As follow up to our first post on senior home safety, we will now delver further in to caregivers’ home health.  When an elder relies on a caregiver (whether a family member or a home health aide), it is vital that the caregiver stay healthy to be able to continue caregiving.  Unfortunately the demands of caregiving can be detrimental to health and make caregivers injury-prone.

Here are some statistics on senior caregivers’ health and safety:

One study of stroke caregivers showed that those with a high level of burden were more likely to experience an injury and the vast majority of injured caregivers said it affected their ability to provide care.  (The prevalence of injury for stroke caregivers and associated risk factors.  Haye, Chapman, Young and Rittman. Kansas City VA Medical Center, 2009.)

Professional caregivers also face a higher risk of on-the-job injury than other professions and settings.  Even compared to aides in hospital/institutional settings, home caregivers experience more work-related injuries.  Some of this is due to traffic accidents, since caregivers may have to travel between clients and sometimes transport clients or run errands, but the rates remain higher than other jobs even without the traffic accident injuries.

The rate of overexertion injuries in home healthcare is 183 in 10,000 workers. (Bureau of Labor Statistics)

What precautions can you take as a senior caregiver to stay healthy and safe?

  1. Get proper training.  Caregivers need an understanding of body mechanics and lifting.  They need to know how to properly transfer a caree or assist with ambulation.  They need to understand what to do in case of a fall.  Professional caregivers will typically receive some of this training in their original certification, but it is important to get refreshers.  Family caregivers may want to take a home health aide or related course to get training on these issues, or work with a professional caregiver on some of their loved one’s physical needs.
  2. Be particularly cautious regarding lifting.  Overexertion injuries are most common, with lifting often being involved.  Proper lifting technique and use of body mechanics can reduce the risk.
  3. Be properly equipped.  Having the home set up safely and having the proper assistive devices is not only good for the senior, but helps ensure the caregiver’s safety.
  4. Do not hire professional caregivers who are not part of a home health agency (and make sure you understand the agency’s requirements/standards regarding insurance and training).  You do not want to put your situation at risk with someone who has no worker’s compensation or liability insurance, and has not received training and support on key safety issues.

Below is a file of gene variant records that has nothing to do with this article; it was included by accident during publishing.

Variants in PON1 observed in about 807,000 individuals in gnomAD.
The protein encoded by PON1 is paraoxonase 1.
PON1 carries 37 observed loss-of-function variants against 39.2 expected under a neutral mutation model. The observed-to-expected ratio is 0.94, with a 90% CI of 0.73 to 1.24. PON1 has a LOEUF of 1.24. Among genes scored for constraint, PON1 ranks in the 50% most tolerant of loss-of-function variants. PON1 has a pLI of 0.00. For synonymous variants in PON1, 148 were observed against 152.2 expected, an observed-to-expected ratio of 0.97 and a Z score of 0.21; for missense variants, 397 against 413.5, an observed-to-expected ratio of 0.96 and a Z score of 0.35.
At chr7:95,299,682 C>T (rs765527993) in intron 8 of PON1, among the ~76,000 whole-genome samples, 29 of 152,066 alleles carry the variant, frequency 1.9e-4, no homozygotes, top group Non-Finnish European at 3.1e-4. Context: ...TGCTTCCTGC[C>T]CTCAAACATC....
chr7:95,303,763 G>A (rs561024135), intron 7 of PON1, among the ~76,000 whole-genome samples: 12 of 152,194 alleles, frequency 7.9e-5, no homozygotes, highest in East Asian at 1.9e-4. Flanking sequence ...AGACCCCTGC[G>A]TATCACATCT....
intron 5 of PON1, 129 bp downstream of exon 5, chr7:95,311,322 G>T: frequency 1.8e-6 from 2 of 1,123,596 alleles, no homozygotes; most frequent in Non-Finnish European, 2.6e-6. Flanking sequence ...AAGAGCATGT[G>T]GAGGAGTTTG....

5. Be honest, a. with the home health company you hire, about your loved one’s needs and/or any behavioral issues and b. with yourself if you are the primary caregiver, about when you might need help.
  6. Practice good health habits.  This can be especially difficult when caregiving for a loved one, but it is important to get sufficient rest, eat a healthy diet and exercise.  Strengthening and flexibility exercises can help you avoid injury.  Consider respite care in order to ensure you can get sufficient rest and take care of your own health.

What are some of the things EasyLiving does to help ensure its senior caregivers’ home health and safety?

We provide safety training during orientation and in our ongoing training program.  This includes accident causes and prevention (health care safety) and combative patient training.  We provide the training in-house and pay our caregivers to attend.  Right now, we’re offering our caregivers a special bonus for coming in to the office to watch our updated safety videos.  Caregivers get their normal training pay rate, plus a $25 bonus for completing the training.

We have a Safety Officer designated to provide this training and safety coaching to our team.  She teaches on items such as body mechanics (helping the client ambulate, transfer, proper body positioning for lifting) and behavioral training (dealing with combative clients, tips for anticipating potential physical contact and avoiding being kicked/hit, communicating/being prepared).  She has over 20 years of field experience as a caregiver and has also worked as an instructor at Florida Medical Prep, a training academy for certified nursing assistants.

We offer our caregivers the opportunity to sign up for a supplemental insurance policy, to encourage them to practice a healthy lifestyle.  It also gives them some peace of mind by covering non-job related injuries.

We have well-defined procedures for handling clients’ physical needs, which we review with caregivers at orientation and training, as well as when we make on-site visits.  This ensures all caregivers understand the standard ways to safely handle clients’ needs.

We offer free on-site safety assessments, where we review safe care practices in the home and help train caregiver and client on the safest ways to work together in the home.  If we spot concerns about the care situation or home safety, we can offer suggestions to remedy those.

If you’re a family caregiver or senior who needs help with safety around the home or assistance with caregiving, our Senior Care Consultant is always happy to talk to you about your concerns and needs.  You can click below or call 727-448-0900.  If you’re a professional caregiver/home health aide who would like to work for a great company that values your safety and well-being, check out our Home Health Careers page.